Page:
Errors and Intricacies Solved by Formalization in Athena and Slate
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Errors and Intricacies Solved by Formalization in Athena and Slate. CHART G Case Study 4 – The Sign of the Crescent. Selmer Bringsjord, Eric Pratt, Andrew Shilliday, Joshua Taylor Rensselaer AI & Reasoning (RAIR) Laboratory Department of Cognitive Science Department of Computer Science

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Errors and Intricacies Solved by Formalization in Athena and Slate

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Errors and intricacies solved by formalization in athena and slate

Errors and Intricacies Solved by Formalization in Athena and Slate

CHART G

Case Study 4 – The Sign of the Crescent

Selmer Bringsjord, Eric Pratt,

Andrew Shilliday, Joshua Taylor

Rensselaer AI & Reasoning (RAIR) Laboratory

Department of Cognitive Science

Department of Computer Science

Rensselaer Polytechnic Institute (RPI)

Troy NY 12180 US

07.20.05


Errors and intricacies solved by formalization in athena and slate

H: Coordinated terrorist actions are planned to take place at 0900 hrs on 30 April 2003 in Boston Harbor, at the Amtrak station in Atlanta, Georgia, and at the New York Stock Exchange.

A3: A C-4 plastic explosive bomb placed in a vending machine will be detonated at 0900 hrs on 30 April 2003 at the New York Stock Exchange.


Errors and intricacies solved by formalization in athena and slate

  • When constructing arguments, if there is no commitment to or awareness of deductive logic, confusion and errors can easily occur.

  • Since, when an intelligence analyst is reading through a body of data, he/she essentially adds each item to a global mental assumption base that can be drawn on later, the analyst will often assume the same approach will be taken by the reader of his/her report justifying a particular threat.

  • This means the analyst may cite an item once, assume in later arguments that we remember the item, and silently use it in an inference.

  • This is done very often in Case Study 4!


An example from chart g

An Example from Chart G

This argument concludes proposition 161, that Hani al Halak is a source of explosives (specifically C-4) for terrorists.


An example from chart g1

An Example from Chart G

It would also help if we knew that Muhammed bin Harazi is a terrorist, but this is only

directly justified in Chart C and then

assumed later on, so we’ll make do

with what we have in Chart G.

We need to know this in order to infer that if someone pays Hani al Halak, that person is buying explosives!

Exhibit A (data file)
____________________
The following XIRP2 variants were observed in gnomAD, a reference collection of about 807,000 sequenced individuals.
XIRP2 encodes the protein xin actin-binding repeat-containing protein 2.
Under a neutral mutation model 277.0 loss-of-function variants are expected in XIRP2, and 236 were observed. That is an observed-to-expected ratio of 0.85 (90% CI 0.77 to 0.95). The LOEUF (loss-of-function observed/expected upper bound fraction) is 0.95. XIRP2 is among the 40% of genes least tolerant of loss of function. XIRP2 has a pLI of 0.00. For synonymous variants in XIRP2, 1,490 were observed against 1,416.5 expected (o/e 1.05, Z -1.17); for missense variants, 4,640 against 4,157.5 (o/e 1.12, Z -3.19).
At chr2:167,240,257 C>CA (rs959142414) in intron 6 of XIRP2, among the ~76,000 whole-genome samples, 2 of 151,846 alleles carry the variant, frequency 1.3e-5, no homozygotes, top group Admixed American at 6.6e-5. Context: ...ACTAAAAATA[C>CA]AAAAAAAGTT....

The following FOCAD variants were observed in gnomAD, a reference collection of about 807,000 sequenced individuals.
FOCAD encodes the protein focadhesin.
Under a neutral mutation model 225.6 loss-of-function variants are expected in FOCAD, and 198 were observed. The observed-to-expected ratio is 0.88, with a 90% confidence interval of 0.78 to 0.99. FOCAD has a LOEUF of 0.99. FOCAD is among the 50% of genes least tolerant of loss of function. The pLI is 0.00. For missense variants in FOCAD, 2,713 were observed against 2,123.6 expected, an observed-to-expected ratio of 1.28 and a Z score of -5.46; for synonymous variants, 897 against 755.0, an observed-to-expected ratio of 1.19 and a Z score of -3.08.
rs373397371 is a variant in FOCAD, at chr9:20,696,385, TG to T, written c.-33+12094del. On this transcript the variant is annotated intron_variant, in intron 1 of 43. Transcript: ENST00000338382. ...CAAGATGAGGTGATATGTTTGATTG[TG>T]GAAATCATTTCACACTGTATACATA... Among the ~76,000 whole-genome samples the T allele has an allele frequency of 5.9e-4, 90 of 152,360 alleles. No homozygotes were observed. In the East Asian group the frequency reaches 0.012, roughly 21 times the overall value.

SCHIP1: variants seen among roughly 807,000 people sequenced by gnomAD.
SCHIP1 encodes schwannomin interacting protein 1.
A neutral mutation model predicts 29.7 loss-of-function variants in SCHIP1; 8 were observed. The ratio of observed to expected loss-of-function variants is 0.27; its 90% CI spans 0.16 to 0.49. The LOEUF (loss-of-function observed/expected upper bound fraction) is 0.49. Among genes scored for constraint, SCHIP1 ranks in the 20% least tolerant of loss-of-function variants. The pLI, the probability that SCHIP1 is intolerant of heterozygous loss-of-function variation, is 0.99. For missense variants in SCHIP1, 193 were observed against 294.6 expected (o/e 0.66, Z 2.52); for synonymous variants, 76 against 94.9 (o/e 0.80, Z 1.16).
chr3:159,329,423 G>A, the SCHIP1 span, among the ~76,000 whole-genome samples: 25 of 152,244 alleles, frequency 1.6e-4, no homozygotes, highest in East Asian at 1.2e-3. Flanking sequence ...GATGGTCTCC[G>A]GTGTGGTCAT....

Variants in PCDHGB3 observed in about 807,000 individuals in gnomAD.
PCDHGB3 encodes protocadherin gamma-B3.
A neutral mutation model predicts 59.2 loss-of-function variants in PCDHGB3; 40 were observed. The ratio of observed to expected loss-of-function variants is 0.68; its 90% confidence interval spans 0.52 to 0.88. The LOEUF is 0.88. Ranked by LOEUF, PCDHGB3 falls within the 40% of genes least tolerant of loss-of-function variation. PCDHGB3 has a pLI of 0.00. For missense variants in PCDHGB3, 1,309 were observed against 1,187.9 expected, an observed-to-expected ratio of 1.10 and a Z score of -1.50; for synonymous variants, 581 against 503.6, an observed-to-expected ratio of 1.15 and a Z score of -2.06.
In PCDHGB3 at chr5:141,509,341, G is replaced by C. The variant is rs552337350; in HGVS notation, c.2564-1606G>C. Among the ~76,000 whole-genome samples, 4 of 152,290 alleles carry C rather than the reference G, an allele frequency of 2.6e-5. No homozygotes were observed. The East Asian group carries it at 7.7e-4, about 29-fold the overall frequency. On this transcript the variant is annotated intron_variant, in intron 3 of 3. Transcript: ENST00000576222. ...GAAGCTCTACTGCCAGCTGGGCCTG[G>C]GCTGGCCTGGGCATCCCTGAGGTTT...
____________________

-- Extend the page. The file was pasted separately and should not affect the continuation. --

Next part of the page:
161: Hani al Halak is a source of explosives for terrorists.

164: A check in the amount of $8500, drawn on a bank account of Muhammed bin Harazi, was deposited in a bank account held by Hani al Halak on 16 April 2003.

?

166: The $8500 paid by Muhammed bin Harazi to Hani al Halak was a payment for C-4 plastic explosive.


How this leads to reorganization

How This Leads to Reorganization

168: Hamid Alwan kept the C-4 plastic explosive until he was ready to use it.

167: Hamid Alwan picked up a quantity of C-4 plastic explosive from Hani al Halak.

X

161: Hani al Halak is a source of explosives for terrorists.

As we look at the rest of the inferences in the chart and similar errors are found, we tend to find that propositions like 161 don’t support the conclusions the chart had them supporting.


How this leads to reorganization1

How This Leads to Reorganization

168: Hamid Alwan kept the C-4 plastic explosive until he was ready to use it.

167: Hamid Alwan picked up a quantity of C-4 plastic explosive from Hani al Halak.

161: Hani al Halak is a source of explosives for terrorists.

As we look at the rest of the inferences in the chart and similar errors are found, we tend to find that propositions like 161 don’t support the conclusions the chart had them supporting.


How this leads to reorganization2

How This Leads to Reorganization


On a chart wide scale

On a Chart-Wide Scale…

X

X

X

X


On a chart wide scale1

On a Chart-Wide Scale…

Note how propositions to the left are repeatedly needed to support inferences to the right!


Errors and intricacies solved by formalization in athena and slate

  • These necessary changes for a deductive formalization are indicative of the errors caused by familiarity with a scenario and assumption of left-to-right processing.

  • After reading the entire original chart, a person would be able to understand the justification for the conclusions, but the lack of a solid argument structure would make the line of reasoning difficult to follow until the entire chart had been read.

  • As intelligence reports should be clearly structured and supported for easy understanding and direct examination, it is necessary to create them in an environment that imposes a clear argument structure.


Errors and intricacies solved by formalization in athena and slate

This is where Slate comes in.


Errors and intricacies solved by formalization in athena and slate

  • Slate provides an environment in which one can construct easily manipulable argument diagrams.

  • Validation of arguments and consistency checking in Slate is simple.

  • The diagrammatic nature of Slate allows the user to follow lines of reasoning while also remaining firmly grounded in logic.


Errors and intricacies solved by formalization in athena and slate

The dotted line in this inference means that parts of Chart H are used as justification, but not proposition 128 itself.

Chart H

As you can see, this means we found some of the conclusions in Chart H to be superfluous to the overall argument, and that proposition 128 does not support proposition 129.


Errors and intricacies solved by formalization in athena and slate

The End


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